Facebook revokes new terms of use after backlash

Facebook’s chief executive officer announced Wednesday morning that Facebook is reverting to its original terms of use because of negative user feedback about a revision to the terms earlier this month.

Mark Zuckerberg, Facebook’s CEO, wrote in a Facebook blog post Monday that users license Facebook to use their content when they create an account. According to the original terms of use, this license expired when a user deactivated his or her account.

On Feb. 4, the terms were changed to include a clause that would allow the site to continue using a user’s photos and information after his or her account had been terminated.

Zuckerberg wrote in another blog post Wednesday that the company is returning to its previous terms of use, so Facebook cannot control content after an account is deactivated.

Zuckerberg wrote that the current terms of use are a temporary fix until new terms are drafted with clearer language.

The post did not specify how Facebook’s terms of use would change in the future.

Court Allen, a lawyer specializing in intellectual property law at San Antonio-based law firm Cox Smith Matthews Inc., said Facebook was probably trying to protect itself from claims that user content was being misused.

If an account were terminated and Facebook’s license to a user’s content ceased, there could be concerns about content that is still available outside of someone’s profile, Allen said. Depending on the particular circumstances and applicable terms and conditions, the site may have to delete the user’s original content as well as any copies of the material, he said.

“(Facebook) would want to have the ongoing rights to allow for that,” he said.

The company probably felt that it had to revoke the new terms in order to appease aggravated customers and to prevent harm to its business, he said.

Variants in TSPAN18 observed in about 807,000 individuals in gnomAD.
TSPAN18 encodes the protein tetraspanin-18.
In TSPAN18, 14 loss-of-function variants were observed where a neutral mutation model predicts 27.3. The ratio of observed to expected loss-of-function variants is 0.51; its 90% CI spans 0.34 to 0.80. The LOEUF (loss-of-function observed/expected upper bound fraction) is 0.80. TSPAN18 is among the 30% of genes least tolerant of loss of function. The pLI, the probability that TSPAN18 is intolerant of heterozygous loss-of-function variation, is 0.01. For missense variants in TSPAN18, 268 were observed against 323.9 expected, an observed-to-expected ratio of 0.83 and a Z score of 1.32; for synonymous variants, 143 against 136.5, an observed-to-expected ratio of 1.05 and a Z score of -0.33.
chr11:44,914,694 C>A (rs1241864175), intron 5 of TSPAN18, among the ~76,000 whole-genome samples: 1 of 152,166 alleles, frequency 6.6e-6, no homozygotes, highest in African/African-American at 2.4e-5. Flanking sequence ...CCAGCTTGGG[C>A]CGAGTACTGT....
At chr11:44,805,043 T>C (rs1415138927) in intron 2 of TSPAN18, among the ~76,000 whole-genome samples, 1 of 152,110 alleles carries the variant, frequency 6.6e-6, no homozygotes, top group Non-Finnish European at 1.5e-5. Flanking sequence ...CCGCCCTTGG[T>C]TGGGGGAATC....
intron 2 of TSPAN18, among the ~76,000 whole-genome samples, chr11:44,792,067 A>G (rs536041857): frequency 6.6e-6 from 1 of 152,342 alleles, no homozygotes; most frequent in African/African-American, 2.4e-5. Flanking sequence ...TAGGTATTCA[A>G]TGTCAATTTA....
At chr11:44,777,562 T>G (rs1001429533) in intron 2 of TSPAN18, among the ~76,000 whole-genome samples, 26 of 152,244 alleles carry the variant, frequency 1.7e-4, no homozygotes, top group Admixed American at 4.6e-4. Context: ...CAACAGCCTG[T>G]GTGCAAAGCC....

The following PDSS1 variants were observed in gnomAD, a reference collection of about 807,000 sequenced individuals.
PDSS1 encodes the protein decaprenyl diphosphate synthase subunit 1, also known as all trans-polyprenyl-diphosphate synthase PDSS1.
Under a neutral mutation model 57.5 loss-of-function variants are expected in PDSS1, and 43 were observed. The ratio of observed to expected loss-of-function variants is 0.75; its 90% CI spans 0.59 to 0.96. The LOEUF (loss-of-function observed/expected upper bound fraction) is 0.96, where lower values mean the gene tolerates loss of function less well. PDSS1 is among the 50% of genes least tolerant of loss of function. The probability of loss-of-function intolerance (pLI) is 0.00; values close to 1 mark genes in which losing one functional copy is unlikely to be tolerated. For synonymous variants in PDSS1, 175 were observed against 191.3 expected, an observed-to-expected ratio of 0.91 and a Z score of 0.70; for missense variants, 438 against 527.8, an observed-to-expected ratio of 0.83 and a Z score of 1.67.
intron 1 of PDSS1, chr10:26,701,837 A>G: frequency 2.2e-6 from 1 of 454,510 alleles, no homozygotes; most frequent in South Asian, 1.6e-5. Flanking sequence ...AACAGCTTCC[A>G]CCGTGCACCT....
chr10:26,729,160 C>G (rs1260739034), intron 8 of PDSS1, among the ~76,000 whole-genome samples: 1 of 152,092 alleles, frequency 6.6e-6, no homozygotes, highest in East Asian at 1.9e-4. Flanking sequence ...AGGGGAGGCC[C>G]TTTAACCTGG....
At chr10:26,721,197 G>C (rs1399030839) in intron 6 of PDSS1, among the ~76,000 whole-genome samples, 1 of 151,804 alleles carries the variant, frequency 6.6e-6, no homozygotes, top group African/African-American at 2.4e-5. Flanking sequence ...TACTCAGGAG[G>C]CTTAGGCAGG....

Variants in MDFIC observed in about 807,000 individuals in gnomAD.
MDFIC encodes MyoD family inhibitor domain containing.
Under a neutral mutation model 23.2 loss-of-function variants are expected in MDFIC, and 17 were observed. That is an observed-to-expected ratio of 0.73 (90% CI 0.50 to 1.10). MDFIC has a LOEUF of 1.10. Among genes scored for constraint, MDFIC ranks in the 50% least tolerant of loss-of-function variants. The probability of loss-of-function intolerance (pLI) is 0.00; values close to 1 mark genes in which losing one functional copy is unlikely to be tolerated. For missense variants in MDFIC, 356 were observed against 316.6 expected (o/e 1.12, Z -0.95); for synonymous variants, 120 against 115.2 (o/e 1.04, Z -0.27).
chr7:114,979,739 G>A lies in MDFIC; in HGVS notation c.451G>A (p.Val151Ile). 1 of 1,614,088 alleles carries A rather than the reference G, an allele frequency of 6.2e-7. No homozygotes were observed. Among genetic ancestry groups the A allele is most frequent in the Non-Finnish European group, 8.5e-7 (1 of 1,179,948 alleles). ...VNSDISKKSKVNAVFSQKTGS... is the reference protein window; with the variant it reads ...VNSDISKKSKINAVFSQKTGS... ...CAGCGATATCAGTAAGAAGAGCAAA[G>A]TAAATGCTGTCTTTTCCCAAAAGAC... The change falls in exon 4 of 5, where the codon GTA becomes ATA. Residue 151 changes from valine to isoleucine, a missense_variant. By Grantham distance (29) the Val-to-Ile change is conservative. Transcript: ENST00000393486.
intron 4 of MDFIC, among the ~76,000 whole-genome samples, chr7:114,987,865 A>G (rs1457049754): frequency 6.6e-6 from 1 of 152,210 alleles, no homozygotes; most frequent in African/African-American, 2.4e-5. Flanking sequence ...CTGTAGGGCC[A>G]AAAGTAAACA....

“People may quit signing up if that perceived onerous term were maintained,” he said.

According to the Web site, Facebook can change its contract without notifying its users.

Chip Stewart, professor of media law, said these terms occur regularly on social networking Web sites.

Stewart said users voluntarily sign Facebook’s terms and agreement upon registration.

If Facebook decides to use an image from a terminated account and a user decided to make a case against it, the user’s case would probably not be upheld in court, he said.

“Unless you’re being deprived of a major Constitutional right, it won’t work as an argument,” he said.

The new terms, which took effect Feb. 4, remained largely unnoticed until the consumer advocacy blog the Consumerist posted an article illuminating the shift.

Stewart said one of the reasons the change generated negative feedback is because people did not expect the license extension.

“It meant less control over a person’s content, and it would certainly make you think twice about what’s posted,” he said.

Facebook created the group Facebook Bill of Rights and Responsibilities for users to post their input for the future terms of use.

Zuckerberg wrote that the Facebook community will have the opportunity to help develop the new terms.